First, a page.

By Bryan Fischer
Follow me on Twitter: @BryanJFischer, on Facebook at “Focal Point”
The Constitution guarantees individual rights, not collective rights or group rights or organizational rights.
All the rights enshrined in the first ten amendments are individual rights. (The 10th Amendment deals with “powers” not “rights.”) The right to freedom of speech, to freedom of the press, to peaceable assembly, to keep and bear arms, to be free from unwarranted searches and seizures, to a trial by jury, to exemption from double jeopardy and cruel and unusual punishment, etc. all belong to us as individuals.
The concept that a right could belong to a group, to some collective, is utterly foreign to the thinking of the Founders. Whatever rights a group or entity has it has only because the individuals within it possess those rights.
A church has the right to the free exercise of religion because every single member of that church possesses that right, not because the church as an organization or an entity has it.
The understanding that constitutional rights are individual, not collective, is absolutely fundamental. Sadly, too many judges and cultural elites falsely believe that the First Amendment right to the free exercise of religion belongs only to churches or to religious institutions. On this line of reasoning, then, if you aren’t a church or a religious institution, you have no constitutional claim to religious liberty.
This could not possibly be more wrong, and could not possibly be a more pernicious threat to liberty in all its forms.
But if the Constitution, as it surely does, prohibits Congress from interfering with the free exercise of religion, then business owners possess this right just as surely as religious hospitals do.
If a business owner has precisely the same objection to the ObamaCare abortifacient and sterilization mandate that Christian colleges and hospitals have, he has every bit as much of a constitutional right to refuse this tyrannical mandate as organizations do.
He possesses this fundamental, unalienable right not because he is a business owner but because he is a citizen of the United States. This right is his because it is God’s gift to him. No man and no government has the moral authority to deprive him of this right, because it has been bestowed on him by his Creator.
At least one judge seems to get this. On Friday, Judge John Kane, a district court judge in Colorado, and interestingly enough, a Carter appointee, granted an injunction on behalf of Hercules Industries, forbidding the government from taking action against it over the contraceptive mandate while its lawsuit is being adjudicated.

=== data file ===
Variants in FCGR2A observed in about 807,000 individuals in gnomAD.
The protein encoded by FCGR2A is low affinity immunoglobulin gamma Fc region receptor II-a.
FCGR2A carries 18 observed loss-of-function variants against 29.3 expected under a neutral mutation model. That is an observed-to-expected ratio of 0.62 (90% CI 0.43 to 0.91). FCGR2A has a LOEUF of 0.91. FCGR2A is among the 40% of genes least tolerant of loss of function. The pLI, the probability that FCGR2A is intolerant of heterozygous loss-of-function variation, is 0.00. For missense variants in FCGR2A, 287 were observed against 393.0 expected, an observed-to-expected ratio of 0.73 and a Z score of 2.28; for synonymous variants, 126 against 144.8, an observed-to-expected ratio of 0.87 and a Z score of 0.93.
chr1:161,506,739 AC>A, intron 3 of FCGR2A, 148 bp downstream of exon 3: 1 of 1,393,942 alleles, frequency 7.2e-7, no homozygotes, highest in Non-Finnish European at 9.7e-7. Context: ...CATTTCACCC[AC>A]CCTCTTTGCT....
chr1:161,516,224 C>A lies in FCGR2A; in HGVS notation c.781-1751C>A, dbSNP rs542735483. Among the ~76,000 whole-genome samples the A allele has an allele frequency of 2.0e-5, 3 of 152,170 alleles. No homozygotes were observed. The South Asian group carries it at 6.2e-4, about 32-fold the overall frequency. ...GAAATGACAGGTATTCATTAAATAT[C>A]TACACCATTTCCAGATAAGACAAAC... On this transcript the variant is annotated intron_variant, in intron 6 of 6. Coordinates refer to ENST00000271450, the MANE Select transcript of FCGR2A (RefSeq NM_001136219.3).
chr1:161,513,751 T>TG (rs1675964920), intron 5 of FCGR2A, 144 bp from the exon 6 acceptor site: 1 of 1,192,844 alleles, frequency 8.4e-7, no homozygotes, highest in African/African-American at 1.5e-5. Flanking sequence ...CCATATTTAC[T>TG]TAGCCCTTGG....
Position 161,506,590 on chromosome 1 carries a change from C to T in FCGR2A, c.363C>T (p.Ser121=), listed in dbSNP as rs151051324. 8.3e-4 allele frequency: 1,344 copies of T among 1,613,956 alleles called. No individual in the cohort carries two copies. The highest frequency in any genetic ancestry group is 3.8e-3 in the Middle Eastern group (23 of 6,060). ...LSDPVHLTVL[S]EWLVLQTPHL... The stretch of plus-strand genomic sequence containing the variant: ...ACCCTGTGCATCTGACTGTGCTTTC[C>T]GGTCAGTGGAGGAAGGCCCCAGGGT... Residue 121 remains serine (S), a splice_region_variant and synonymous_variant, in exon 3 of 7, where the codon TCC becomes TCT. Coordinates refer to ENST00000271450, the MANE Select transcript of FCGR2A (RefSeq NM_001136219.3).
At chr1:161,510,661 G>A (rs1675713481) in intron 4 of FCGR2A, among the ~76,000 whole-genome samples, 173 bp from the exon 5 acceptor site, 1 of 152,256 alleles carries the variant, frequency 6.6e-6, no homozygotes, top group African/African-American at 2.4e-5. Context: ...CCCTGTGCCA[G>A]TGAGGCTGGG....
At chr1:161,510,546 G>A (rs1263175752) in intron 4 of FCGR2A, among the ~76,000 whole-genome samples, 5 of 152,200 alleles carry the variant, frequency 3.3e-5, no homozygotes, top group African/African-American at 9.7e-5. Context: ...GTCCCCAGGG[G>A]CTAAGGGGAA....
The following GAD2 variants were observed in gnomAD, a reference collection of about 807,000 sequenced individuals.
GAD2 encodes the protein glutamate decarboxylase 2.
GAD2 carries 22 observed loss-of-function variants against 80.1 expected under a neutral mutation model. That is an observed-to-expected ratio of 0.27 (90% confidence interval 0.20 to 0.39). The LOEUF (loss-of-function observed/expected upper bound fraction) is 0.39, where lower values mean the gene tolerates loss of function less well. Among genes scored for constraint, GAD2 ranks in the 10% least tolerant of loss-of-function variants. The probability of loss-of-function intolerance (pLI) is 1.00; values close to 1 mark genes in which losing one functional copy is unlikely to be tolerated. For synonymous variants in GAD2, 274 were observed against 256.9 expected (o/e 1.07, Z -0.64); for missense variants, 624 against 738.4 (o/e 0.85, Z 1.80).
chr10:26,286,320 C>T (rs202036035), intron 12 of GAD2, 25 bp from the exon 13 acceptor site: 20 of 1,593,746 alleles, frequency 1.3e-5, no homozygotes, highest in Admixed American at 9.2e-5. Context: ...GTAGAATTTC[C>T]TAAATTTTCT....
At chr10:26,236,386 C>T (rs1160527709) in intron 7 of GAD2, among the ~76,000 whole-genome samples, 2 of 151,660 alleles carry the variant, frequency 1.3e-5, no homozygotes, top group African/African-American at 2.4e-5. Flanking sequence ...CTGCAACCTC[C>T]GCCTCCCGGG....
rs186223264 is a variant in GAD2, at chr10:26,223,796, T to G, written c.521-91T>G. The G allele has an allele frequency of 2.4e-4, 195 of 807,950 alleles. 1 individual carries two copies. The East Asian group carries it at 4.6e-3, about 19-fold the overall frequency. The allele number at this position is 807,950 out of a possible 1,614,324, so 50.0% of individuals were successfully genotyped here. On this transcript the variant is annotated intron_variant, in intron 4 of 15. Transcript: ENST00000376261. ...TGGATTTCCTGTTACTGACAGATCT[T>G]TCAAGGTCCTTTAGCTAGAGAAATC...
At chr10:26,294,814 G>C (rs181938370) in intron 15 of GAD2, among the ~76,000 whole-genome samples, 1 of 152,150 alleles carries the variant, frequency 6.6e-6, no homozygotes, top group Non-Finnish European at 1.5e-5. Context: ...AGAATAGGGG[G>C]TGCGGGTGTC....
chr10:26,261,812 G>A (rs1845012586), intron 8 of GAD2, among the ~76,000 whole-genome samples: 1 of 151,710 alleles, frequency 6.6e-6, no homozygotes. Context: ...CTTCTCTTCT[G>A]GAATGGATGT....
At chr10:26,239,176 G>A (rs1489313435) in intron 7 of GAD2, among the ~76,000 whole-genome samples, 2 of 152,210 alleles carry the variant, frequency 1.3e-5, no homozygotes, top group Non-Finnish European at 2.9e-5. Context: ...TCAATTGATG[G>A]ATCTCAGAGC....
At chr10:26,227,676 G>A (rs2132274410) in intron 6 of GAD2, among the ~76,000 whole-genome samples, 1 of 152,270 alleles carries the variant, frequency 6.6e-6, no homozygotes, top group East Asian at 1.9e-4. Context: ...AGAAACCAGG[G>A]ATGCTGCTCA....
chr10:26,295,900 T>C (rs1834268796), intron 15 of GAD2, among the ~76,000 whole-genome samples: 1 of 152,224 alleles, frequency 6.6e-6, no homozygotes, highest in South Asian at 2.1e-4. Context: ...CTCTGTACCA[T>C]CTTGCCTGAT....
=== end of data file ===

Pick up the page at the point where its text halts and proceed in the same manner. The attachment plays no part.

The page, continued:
Hercules is owned and operated by William Newland, Paul Newland, James Newland and Christine Ketterhagen, devout Roman Catholics who have the same objection to providing contraceptives, abortifacients and sterilization to its employees that the Church itself does.
President Obama’s Department of Justice bizarrely argued that running a business requires them to forfeit all their constitutional rights.Said the DOJ, “Plaintiff’s free exercise claim fails at the outset because...for-profit, secular employees generally, and Hercules Industries in particular, do not engage in any exercise of religion protected by the First Amendment.” (Emphasis mine.)
The judge flatly disagreed, saying that the government’s case was countered and outweighed “by the public interest in the free exercise of religion...the threatened harm to Plaintiffs, impingement of their right to freely exercise their religious beliefs, and the concomitant public interest in that right strongly favor the entry of injunctive relief.” Good for him.
Here’s hoping this temporary relief becomes permanent and that every conscience-driven business owner in American can find shelter in its shade. Perhaps America can once again become the “land of the free” as well as the “home of the brave.”
(Unless otherwise noted, the opinions expressed are the author’s and do not necessarily reflect the views of the American Family Association or American Family Radio.)